“Population size and the quality of waste management systems largely determine which countries contribute the greatest mass of uncaptured waste available to become plastic marine debris. Without waste management infrastructure improvements, the cumulative quantity of plastic waste available to enter the ocean from land is predicted to increase by an order of magnitude by 2025.”

When tourism is concentrated in areas without effective waste management systems, trash and plastics invariably end up contaminating forests, rivers, and oceans. Litterbase visually maps where marine litter concentrates, and the magnitude of the issue is staggering. According to the United States Institute of Peace, “Once essentially excluded from the tourism industry, the developing world has now become its major growth area. Tourism is a key foreign exchange earner for 83 percent of developing countries,” and according to study from the University of Maryland “more than 50 million people from industrialised nations travel to developing countries each year.”

The rise in tourism to developing regions of the world has many positive effects on local economies and employment, but it creates issues when these countries are not equipped to handle the side-effects of tourism, which include increased stress on waste removal systems. While destinations and T&T companies must act to counter the effects of tourism on the world’s oceans, travellers must also understand the stress tourism places on local and global ecosystems, and take actions to mitigate the negative effects.


How You Can Minimise Plastic Usage

Minimising our use of plastics means looking for all the ways plastics have infiltrated our daily lives. From shopping bags to food packaging to bottled drinks, there are opportunities in many areas of your life and travels to limit your use of disposable plastics. Although there are exciting innovationsunderway aimed at undoing some of the damage from plastics in the environment, travellers still play a very important role in limiting the amount of plastic consumption in T&T. Here are four ways to lower your impact on the countries and communities you visit on your travels.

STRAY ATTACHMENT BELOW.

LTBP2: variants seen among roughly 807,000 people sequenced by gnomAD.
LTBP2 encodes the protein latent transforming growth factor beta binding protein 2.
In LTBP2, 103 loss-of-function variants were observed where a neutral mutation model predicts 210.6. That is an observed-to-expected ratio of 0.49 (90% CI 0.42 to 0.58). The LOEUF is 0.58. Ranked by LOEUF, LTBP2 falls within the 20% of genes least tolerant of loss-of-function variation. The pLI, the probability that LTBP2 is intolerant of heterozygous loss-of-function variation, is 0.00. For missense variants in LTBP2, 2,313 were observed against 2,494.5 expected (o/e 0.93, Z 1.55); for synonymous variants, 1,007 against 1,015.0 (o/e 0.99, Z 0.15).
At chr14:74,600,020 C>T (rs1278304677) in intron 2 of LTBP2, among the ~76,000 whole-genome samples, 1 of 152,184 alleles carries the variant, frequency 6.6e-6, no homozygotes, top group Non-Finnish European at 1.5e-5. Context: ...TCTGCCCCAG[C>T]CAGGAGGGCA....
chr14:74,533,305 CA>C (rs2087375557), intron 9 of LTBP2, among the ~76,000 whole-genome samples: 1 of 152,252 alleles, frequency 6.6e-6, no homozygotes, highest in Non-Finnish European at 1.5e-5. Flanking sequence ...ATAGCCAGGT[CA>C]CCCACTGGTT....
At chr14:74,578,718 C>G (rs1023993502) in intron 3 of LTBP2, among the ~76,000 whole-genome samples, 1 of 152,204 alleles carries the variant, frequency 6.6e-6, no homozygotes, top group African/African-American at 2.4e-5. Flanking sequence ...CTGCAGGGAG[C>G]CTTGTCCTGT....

Bring your own water bottle.

Buy a portable water bottle and then invest in travel-sized water purification systems. Options include: decontamination tablets, sterilizing through UV light (like the SteriPEN), and filtering straws (like the LifeStraw). Research the differences in water purification options and select the one that fits your travel style. Buying and disposing of bottled drinks accounts for a huge portion of plastic consumption when travelling. Disrupting this habit makes a powerful statement about your commitment to minimising your use of plastics.

Carry your own collapsible tote.

Just as grocery stores are pushing for shoppers towards reusable bags, you can carry a tiny tote in your purse and use it when buying souvenirs. Many of these totes fold into themselves, making it compact way to eliminate the need for destructive plastic shopping bags — which you likely don’t need anyway once you’re back at the hotel packing your suitcase!

Refuse small shampoo bottles from hotels.

Invest in quality reusable toiletry containers and refuse the single-use shampoo and soaps provided by the hotel. Since it’s difficult to avoid using plastics altogether, it’s important to assess the amount of plastic per use. Using your own containers is an effective way to ensure you’re limiting the amount of plastics you consume on vacation.

Recycle when possible.

Look for opportunities to throw recyclables in designated bins, or ask if your hotel has a recycling programme. Often, even if the city or town does not offer recycling programmes, your guesthouse or hotel collects and recycles plastics. If that’s the case, toss plastics in your bag throughout the day and recycle once back at your accommodations.


We are all charged with protecting the planet from the devastating effects of plastics. Cousteau summed it well: “No matter how remote we feel we are from the oceans, every act each one of us takes in our everyday lives affects our planet’s water cycle and in return affects us.” Consider the magnitude of the plastics problem, and take steps to reduce your plastics consumption.

Useful links

Join the plastic challenge: https://www.mcsuk.org/plasticchallenge/

Plastic Oceans: https://www.plasticoceans.org/

A Plastic Ocean Documentary: https://www.netflix.com/title/80164032

Marine Conservation Society https://www.mcsuk.org/

Plastic Pollution Coalition: http://www.plasticpollutioncoalition.org

NO Straw please: http://www.plasticpollutioncoalition.org/no-straw-please/

Incredible Oceans: www.incredibleoceans.org

Bryde Whale utube link: https://youtu.be/Dgv5uV64j44

 

Source: WTTC